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Mixlr Support

Use an iPhone or iPad input to broadcast audio from an external source

You can broadcast a number of different external sources using your iPad / iPhone audio input with the Mixlr iOS app. In this article, we'll explain how to get the audio from an external source (e.g. DJ decks, guitars, mixers and pretty much anything else) into your iPhone / iPad. There are four ways you can do it:

  1. Broadcast using the microphone from your headset
  2. Broadcast using the serial/lightning input on your device
  3. Broadcast with a USB Microphone
  4. Broadcast using a line-in (TRRS) cable

1. Broadcast using the microphone from your headset

Just like using it on a call, broadcasting with your headset provides more clarity and less noise. Plugging in your Apple earphones, or any compatible headset works with the Mixlr iOS app. Simply plug in your headset and use it like normal - Mixlr will automatically use the headset microphone instead of the built-in microphone.

2. Broadcast using the serial/lightning port

You can broadcast audio directly from a mixer, electric guitar or pretty much anything you want via the serial (iPhone 3GS/4/4S) or lightning port (iPhone 5+ and recent iPads). You can broadcast high-quality stereo line-level audio from the app with this method. These are the same ports you use for charging your phone and will require an adaptor such as a mobile audio interface for iPhone / iPad. For more advice on professional audio equipment for iOS see this article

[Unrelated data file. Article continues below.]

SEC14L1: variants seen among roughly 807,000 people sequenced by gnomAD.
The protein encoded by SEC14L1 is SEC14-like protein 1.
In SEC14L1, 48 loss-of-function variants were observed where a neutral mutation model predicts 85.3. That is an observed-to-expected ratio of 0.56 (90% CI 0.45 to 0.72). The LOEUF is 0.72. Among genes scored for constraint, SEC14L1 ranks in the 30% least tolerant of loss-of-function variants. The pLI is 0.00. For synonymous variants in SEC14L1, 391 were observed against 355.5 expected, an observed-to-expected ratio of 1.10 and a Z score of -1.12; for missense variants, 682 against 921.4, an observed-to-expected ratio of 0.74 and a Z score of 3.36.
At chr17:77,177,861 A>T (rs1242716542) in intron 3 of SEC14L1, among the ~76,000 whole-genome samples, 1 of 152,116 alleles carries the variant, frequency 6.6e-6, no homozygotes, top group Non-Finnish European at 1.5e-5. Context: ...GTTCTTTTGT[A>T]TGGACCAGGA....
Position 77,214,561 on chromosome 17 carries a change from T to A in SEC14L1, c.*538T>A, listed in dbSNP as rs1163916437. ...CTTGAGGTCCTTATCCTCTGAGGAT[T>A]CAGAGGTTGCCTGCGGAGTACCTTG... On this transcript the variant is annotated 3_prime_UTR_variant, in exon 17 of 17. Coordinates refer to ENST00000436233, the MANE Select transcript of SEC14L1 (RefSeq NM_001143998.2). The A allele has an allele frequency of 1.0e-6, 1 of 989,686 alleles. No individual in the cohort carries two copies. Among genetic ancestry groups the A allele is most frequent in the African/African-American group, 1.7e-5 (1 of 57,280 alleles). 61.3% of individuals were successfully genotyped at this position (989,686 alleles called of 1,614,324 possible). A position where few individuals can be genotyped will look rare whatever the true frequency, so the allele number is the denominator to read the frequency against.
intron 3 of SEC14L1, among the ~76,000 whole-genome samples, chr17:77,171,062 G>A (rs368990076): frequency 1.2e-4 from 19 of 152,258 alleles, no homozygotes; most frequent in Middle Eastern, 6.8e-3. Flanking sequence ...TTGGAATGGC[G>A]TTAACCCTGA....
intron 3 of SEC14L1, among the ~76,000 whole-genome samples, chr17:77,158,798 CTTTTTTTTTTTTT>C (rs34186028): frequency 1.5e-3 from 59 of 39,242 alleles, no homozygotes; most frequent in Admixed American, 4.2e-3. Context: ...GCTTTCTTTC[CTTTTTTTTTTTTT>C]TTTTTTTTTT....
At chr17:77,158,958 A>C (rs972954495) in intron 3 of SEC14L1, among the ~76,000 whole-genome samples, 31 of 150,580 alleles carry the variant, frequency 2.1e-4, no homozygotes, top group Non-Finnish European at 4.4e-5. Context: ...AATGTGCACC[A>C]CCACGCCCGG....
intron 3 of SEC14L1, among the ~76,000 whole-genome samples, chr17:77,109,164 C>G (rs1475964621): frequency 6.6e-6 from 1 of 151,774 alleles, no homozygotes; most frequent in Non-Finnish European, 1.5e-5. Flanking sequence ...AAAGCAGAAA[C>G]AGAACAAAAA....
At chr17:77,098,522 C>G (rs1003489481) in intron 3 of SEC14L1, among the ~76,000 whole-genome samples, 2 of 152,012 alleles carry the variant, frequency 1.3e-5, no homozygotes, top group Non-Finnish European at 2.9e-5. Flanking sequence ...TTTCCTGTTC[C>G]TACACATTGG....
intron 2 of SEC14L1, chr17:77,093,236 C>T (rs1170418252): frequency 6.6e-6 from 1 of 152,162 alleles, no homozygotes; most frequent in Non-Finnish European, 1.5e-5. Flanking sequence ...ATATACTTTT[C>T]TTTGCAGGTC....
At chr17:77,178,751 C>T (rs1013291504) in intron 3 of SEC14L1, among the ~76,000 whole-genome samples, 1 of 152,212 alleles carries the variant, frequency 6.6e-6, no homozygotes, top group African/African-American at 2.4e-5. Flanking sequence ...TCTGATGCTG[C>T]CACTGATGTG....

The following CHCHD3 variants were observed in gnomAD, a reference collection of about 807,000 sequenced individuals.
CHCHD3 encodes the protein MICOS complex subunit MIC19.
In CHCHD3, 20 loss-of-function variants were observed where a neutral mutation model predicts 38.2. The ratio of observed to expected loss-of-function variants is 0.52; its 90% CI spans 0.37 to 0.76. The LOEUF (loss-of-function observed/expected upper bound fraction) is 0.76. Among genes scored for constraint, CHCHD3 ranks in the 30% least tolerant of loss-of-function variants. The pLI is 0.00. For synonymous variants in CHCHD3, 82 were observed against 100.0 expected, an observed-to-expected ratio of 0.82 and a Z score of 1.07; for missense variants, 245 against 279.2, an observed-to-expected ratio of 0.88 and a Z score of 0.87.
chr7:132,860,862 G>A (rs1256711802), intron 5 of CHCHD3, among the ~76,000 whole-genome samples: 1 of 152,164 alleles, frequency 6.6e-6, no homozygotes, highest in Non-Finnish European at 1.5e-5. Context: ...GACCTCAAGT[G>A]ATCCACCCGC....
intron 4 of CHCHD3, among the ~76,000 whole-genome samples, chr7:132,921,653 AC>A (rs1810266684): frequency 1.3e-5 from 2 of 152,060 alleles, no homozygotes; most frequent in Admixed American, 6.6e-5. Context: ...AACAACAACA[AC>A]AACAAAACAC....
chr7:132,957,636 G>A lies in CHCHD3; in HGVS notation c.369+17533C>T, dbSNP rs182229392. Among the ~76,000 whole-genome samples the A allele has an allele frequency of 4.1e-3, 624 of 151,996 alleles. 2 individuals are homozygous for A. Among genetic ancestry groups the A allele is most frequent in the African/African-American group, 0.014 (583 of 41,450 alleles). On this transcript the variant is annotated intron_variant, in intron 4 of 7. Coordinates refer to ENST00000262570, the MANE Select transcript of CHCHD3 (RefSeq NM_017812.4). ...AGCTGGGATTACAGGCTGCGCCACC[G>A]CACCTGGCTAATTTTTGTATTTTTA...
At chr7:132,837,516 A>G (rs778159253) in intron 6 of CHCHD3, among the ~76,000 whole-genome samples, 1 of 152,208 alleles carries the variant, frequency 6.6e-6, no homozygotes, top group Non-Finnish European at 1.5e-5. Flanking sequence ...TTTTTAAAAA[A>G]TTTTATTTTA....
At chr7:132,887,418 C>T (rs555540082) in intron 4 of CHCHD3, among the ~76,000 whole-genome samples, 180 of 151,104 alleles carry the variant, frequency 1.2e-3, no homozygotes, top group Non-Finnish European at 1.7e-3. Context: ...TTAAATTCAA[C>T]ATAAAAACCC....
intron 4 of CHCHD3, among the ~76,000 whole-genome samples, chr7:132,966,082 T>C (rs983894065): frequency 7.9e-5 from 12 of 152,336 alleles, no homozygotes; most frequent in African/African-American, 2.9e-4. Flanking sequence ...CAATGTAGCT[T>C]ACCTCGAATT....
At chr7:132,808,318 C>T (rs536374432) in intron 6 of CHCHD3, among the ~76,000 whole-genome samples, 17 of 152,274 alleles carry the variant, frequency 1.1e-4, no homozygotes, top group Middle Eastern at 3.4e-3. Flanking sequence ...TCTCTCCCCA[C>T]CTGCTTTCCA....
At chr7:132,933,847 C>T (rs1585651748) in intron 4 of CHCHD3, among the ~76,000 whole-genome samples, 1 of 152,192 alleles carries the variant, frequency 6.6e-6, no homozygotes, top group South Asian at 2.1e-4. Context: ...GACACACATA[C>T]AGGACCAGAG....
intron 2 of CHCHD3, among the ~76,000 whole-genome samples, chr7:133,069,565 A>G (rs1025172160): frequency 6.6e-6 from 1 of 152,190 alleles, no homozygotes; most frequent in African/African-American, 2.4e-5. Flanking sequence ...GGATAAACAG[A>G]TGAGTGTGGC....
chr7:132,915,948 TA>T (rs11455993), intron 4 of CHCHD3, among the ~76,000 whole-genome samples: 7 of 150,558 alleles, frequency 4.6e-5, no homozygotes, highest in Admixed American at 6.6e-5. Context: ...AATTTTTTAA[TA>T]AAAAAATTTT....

TIP - If you are less experienced with professional audio on iOS we recommend you start with something like the iRig from IK Multimedia - it’s perfect if you want to broadcast an instrument or external microphone.

3. Broadcast with a USB microphone

This is one of the easiest ways to get high-quality audio into your iOS device. When it comes to USB microphones you have a couple of options. You can either use a ‘plug-n-play’ iOS compatible microphone or a standard USB microphone with a powered USB hub. Plug-n-play iOS mics will plug directly into the lightning port on your iOS device (iPhone 5+ and recent iPads only). Some great examples are the Rode NT-USB and the Apogee MiC 96k.

With standard USB microphones, you will need a powered USB hub and a lightning to USB adaptor. You can find out more about how to set this up here.

4. Broadcast using line-in (TRRS) adaptor

You can also broadcast a line-in feed with a cable that can take an audio input at one end, and has a male 3.5mm TRRS jack at the other, such as the one linked here. This will allow you to take audio from your guitar or mixer for example, and plug this directly into the headphone socket of your iPhone / iPad.

TIP - Though using a line-in (TRRS) adaptor is a quick way to get audio into your iPhone or iPad, it won’t deliver the best quality. We recommend using the serial/lightning port.

 

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